I appreciated the README as written. I immediately understood what kind of environment the author intended this to be used in. A more formal explanation would have degraded the message. Vulgarity doesn't have to taken as judgemental, it can also be a good way to express empathy. The way I read it, the author's intent was the latter.


I wrote a lot of shitty, sprawling enterprise code over the years, and I feel there's no shame in admitting that's what it is :)


In practical terms, what would that achieve?


Professionalism.


"Any time somebody tells you that you shouldn’t do something because it’s “unprofessional,” you know that they’ve run out of real arguments." -- Joel Spolsky


Or there is a whole suite of behavior and conduct with well thought out reasons that have been comprehensively debated over the years that have been put under the rubric of professionalism and there is zero reason to rehash the same arguments over and over and over ad infinitum.


The same professionalism that generated a shitty, sprawling enterprise codebase?


One-word quips sound good on paper, but this is an open source project with engineers as the target audience. It's not seeking (at this time) to bring revenue or make sales, so I'd argue that speaking truth to the problem is more likely to drive up adoption.


Citing professionalism isn't a quip, it's shorthand for a code of conduct and long accepted practices of interaction with others.

May I ask how the word "shitty" more truthful than "poorly written" or "complex"?


> May I ask how the word "shitty" more truthful than "poorly written" or "complex"?

Evokes emotions people affected by a situation can sympathize with more effectively, which by virtue of establishing a shared emotional bond over a topic helps the developer convey not just the situation but the frustrations of the situation more effectively than one might expect "poorly written" or "complex" to do alone.

> Citing professionalism isn't a quip, it's shorthand for a code of conduct and long accepted practices of interaction with others.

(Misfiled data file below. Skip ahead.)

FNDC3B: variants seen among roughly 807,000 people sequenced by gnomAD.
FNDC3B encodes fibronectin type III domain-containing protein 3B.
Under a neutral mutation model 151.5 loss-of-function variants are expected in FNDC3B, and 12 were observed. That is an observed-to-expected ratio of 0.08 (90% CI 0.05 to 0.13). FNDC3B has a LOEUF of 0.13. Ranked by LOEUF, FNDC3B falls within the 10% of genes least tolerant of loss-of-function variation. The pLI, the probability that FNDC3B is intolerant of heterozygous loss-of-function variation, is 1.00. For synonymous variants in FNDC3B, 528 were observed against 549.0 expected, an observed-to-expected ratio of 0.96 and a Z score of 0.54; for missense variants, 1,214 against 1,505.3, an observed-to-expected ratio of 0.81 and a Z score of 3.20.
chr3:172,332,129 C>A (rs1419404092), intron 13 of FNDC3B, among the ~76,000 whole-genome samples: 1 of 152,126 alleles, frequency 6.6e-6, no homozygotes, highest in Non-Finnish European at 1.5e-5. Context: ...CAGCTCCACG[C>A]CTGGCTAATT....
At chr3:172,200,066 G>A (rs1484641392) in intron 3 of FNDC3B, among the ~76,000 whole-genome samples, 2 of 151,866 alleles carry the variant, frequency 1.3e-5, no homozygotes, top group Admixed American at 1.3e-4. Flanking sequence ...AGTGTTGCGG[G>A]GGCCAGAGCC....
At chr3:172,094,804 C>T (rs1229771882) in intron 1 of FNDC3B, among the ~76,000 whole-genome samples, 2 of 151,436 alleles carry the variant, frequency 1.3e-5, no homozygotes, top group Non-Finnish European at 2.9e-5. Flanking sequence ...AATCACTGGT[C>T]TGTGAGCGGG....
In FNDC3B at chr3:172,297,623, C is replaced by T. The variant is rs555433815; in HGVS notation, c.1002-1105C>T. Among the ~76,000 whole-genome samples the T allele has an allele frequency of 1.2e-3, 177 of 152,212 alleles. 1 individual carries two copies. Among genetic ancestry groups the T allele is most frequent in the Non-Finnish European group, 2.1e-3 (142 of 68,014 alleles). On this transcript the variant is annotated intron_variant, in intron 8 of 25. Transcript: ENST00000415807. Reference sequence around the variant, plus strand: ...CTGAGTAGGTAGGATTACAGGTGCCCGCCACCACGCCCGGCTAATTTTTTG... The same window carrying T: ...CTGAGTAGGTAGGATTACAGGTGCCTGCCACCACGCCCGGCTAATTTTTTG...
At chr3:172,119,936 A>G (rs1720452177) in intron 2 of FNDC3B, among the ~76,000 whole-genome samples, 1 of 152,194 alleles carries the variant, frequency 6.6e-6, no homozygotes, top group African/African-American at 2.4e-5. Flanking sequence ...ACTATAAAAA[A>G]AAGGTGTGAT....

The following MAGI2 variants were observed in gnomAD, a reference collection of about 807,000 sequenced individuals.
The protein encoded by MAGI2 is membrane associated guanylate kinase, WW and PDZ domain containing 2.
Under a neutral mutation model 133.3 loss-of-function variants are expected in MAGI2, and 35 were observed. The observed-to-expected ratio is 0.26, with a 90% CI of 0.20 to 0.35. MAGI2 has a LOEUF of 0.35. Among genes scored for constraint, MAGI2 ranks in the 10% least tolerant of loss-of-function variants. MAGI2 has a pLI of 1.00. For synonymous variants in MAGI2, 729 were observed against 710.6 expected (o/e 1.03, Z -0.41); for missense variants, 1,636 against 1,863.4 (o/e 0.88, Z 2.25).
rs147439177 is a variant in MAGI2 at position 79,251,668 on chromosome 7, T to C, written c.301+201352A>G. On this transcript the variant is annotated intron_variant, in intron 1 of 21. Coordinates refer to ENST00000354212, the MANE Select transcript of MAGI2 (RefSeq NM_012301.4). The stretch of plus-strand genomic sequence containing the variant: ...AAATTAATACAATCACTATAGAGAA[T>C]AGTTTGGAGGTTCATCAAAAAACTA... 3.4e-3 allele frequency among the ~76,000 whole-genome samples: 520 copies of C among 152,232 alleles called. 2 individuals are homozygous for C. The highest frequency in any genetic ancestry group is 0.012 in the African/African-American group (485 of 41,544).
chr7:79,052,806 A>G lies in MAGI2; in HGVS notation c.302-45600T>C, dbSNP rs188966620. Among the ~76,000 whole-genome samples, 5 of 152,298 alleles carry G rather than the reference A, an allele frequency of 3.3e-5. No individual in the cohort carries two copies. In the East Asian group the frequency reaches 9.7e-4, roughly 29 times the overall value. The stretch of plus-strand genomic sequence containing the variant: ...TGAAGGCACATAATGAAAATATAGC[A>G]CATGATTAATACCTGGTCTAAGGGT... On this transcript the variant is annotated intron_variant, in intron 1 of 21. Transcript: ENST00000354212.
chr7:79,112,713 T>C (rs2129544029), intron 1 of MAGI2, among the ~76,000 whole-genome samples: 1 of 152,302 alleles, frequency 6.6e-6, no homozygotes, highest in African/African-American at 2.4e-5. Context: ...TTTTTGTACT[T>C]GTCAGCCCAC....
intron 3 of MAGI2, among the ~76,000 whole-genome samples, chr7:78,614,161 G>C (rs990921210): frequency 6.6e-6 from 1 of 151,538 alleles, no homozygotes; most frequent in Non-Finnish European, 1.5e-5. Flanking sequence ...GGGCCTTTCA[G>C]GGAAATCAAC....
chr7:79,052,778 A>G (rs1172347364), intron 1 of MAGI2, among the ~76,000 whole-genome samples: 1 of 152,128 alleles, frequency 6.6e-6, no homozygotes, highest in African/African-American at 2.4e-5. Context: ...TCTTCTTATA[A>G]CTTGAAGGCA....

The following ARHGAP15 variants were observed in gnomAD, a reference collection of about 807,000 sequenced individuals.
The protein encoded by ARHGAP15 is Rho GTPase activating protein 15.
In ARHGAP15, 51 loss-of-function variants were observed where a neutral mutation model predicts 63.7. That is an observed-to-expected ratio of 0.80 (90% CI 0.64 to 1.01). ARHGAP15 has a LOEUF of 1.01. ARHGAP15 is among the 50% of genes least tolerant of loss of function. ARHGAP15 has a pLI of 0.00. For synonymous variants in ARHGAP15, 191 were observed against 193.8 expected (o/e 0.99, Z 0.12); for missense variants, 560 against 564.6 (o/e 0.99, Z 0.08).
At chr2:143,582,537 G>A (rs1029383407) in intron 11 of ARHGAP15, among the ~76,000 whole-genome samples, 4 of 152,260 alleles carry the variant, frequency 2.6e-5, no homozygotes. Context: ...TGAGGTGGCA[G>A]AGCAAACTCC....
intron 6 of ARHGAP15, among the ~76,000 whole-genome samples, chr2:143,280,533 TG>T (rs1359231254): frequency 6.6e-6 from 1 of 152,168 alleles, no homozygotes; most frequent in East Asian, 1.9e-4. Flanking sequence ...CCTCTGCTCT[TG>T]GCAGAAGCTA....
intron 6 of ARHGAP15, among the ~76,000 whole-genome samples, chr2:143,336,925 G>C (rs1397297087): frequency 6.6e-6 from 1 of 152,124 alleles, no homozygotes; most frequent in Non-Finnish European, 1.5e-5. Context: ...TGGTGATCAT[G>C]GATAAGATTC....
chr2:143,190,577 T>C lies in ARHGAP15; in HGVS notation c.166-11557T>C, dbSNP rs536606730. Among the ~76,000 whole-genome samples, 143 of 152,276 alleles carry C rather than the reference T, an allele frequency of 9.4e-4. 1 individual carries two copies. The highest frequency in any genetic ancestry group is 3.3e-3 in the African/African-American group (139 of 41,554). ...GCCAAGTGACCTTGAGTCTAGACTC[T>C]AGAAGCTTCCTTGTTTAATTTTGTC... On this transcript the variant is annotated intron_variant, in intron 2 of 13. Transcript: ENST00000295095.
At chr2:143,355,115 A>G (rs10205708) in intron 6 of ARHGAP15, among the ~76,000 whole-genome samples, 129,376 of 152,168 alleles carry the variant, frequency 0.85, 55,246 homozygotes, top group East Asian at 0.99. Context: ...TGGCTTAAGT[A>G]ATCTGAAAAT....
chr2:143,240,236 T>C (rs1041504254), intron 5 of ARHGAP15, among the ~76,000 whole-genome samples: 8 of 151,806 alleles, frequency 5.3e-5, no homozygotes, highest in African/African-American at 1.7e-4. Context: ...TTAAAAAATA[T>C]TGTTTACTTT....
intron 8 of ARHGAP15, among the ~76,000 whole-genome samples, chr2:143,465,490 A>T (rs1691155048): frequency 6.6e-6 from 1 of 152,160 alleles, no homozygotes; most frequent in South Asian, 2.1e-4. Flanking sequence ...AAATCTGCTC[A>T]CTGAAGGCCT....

The code of conduct isn't uniform, so it can't be used effectively as shorthand for such. But at this point we're in the weeds.

Again, no short-term revenue prospects, just a tool OP wants to socialize to make a few lives easier. If you have an objection over verbiage, that's fine, but it's an exhibition of professionalism from yourself to the OP to build a sound defense of your position as to how it would help the engineer to self-censor the description of a tool where the audience by-and-large may not care.

Up to you. My point is the engineer doesn't need to suppress who they are in this specific context, and my point to you is it shouldn't impact your usage of what looks to be an effective short-term debugging tool.


Strongly disagree. How specifically does profanity affect the authoritativeness of the code?

Your comment comes off as out of touch and old fashioned.


I have to say sometimes I do find it much easier to read logs than to muck about in an interactive interpreter. That said I did just add `export PYTHONBREAKPOINT=pudb.set_trace` to my bashrc and am slowly going through and removing all my old `from IPython import embed` lines. A much simpler workflow that doesn't incur major runtime costs.


For those, like me, who don't know about the new breakpoint():

https://hackernoon.com/python-3-7s-new-builtin-breakpoint-a-...


PuDB is amazing. Best command-line debugger ever, plus you get feelings of nostalgia for the Borland days.


Using print is sometimes superior to pdb. If you want to quickly see how the program runs without stepping through each line print is justified. This looks like an evolved print. Nice tool!


Sometimes but not always, especially on large unfamiliar code bases.


While I sometimes use one debug tool or another, I have never understood the aversion to print statements reflected in the title. Sometimes, often even, a print statement is just fine, and anything else is overabstracting it. Not saying other options aren't nice to have available, just that there is nothing wrong with using a simple print statement in many situations.